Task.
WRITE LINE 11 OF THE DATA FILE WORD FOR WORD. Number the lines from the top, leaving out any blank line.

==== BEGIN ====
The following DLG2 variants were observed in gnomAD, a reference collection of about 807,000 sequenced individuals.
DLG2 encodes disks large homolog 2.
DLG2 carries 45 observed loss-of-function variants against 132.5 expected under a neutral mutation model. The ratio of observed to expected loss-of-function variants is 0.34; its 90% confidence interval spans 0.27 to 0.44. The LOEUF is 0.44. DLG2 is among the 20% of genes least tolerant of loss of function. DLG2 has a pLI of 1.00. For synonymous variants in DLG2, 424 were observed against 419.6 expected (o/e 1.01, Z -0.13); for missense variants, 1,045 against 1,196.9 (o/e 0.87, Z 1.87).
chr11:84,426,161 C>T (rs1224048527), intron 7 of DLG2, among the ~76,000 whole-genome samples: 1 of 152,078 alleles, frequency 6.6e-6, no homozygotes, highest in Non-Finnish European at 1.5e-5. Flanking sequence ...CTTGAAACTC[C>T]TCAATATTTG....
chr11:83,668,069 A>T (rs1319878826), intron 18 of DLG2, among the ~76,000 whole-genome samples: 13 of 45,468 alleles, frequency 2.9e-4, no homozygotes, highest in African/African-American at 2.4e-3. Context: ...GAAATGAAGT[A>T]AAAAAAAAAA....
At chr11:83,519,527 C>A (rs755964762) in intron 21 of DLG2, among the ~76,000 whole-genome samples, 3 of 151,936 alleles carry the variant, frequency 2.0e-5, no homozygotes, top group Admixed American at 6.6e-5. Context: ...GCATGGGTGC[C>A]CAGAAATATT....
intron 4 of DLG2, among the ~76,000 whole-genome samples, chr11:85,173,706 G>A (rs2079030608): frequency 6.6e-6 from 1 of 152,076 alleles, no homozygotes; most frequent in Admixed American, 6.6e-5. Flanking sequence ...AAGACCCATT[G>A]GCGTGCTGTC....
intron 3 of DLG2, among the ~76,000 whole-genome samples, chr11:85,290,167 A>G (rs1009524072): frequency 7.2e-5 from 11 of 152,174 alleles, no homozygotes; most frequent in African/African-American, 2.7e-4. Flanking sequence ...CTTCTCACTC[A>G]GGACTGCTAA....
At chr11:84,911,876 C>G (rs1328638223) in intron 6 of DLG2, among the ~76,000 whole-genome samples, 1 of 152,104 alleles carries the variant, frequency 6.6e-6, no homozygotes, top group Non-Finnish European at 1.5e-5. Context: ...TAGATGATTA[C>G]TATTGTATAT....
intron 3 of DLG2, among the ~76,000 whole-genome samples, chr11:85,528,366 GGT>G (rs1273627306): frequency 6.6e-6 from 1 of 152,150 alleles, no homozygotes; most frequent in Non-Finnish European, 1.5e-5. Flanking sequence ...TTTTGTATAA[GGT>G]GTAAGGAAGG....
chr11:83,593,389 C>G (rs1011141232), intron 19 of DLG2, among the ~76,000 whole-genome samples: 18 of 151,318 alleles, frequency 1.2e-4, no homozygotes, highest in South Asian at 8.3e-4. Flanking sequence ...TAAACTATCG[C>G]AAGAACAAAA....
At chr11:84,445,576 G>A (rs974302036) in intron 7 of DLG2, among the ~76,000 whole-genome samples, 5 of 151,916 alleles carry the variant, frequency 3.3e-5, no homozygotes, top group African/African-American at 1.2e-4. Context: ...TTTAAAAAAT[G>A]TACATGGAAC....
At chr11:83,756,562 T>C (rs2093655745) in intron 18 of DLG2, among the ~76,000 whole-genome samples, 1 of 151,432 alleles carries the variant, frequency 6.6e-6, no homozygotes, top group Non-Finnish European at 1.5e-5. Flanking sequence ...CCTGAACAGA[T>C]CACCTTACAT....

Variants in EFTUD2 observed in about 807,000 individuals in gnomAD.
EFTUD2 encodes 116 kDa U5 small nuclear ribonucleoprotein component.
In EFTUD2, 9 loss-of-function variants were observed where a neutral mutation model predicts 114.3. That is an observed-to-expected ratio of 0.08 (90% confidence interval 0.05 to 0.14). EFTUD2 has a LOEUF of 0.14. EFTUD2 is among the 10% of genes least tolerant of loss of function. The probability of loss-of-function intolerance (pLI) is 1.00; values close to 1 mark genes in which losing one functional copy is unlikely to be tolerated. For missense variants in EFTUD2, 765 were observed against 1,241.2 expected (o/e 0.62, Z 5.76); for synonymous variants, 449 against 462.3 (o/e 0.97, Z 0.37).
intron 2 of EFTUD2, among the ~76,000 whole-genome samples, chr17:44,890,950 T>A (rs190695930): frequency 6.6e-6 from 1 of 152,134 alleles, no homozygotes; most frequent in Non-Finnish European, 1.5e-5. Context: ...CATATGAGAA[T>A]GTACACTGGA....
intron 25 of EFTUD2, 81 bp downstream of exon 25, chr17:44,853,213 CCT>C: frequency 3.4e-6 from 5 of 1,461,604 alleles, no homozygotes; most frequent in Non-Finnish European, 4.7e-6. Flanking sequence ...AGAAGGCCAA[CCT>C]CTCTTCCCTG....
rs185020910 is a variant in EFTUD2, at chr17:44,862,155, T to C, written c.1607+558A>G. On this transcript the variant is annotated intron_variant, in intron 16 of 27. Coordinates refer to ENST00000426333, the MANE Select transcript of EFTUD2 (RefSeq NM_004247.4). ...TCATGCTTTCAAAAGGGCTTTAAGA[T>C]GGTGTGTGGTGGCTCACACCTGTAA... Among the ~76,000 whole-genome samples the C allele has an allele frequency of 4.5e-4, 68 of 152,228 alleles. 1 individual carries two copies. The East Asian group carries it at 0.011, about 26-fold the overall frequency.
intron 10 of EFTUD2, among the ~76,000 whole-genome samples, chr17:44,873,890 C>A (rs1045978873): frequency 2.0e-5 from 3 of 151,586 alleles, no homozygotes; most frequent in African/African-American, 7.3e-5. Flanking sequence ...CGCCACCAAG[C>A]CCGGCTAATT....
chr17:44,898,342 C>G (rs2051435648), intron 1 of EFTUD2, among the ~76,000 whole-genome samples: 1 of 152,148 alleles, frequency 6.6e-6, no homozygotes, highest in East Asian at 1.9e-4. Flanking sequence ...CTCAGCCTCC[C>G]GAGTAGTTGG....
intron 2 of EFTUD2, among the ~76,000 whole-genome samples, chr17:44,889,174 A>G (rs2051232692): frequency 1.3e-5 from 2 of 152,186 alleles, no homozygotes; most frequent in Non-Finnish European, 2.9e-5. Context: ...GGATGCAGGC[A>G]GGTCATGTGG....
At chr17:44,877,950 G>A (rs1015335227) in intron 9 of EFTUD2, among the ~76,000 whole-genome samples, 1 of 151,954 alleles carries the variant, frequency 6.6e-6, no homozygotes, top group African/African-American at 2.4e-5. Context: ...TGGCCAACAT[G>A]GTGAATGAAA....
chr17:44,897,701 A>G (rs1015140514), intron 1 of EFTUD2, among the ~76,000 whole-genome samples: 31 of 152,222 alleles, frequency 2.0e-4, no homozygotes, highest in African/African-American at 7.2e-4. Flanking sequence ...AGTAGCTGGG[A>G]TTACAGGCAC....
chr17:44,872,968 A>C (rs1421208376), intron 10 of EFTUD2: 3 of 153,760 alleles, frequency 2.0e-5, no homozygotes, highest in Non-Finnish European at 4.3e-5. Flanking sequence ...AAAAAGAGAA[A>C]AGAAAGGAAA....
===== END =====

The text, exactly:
chr11:83,593,389 C>G (rs1011141232), intron 19 of DLG2, among the ~76,000 whole-genome samples: 18 of 151,318 alleles, frequency 1.2e-4, no homozygotes, highest in South Asian at 8.3e-4. Flanking sequence ...TAAACTATCG[C>G]AAGAACAAAA....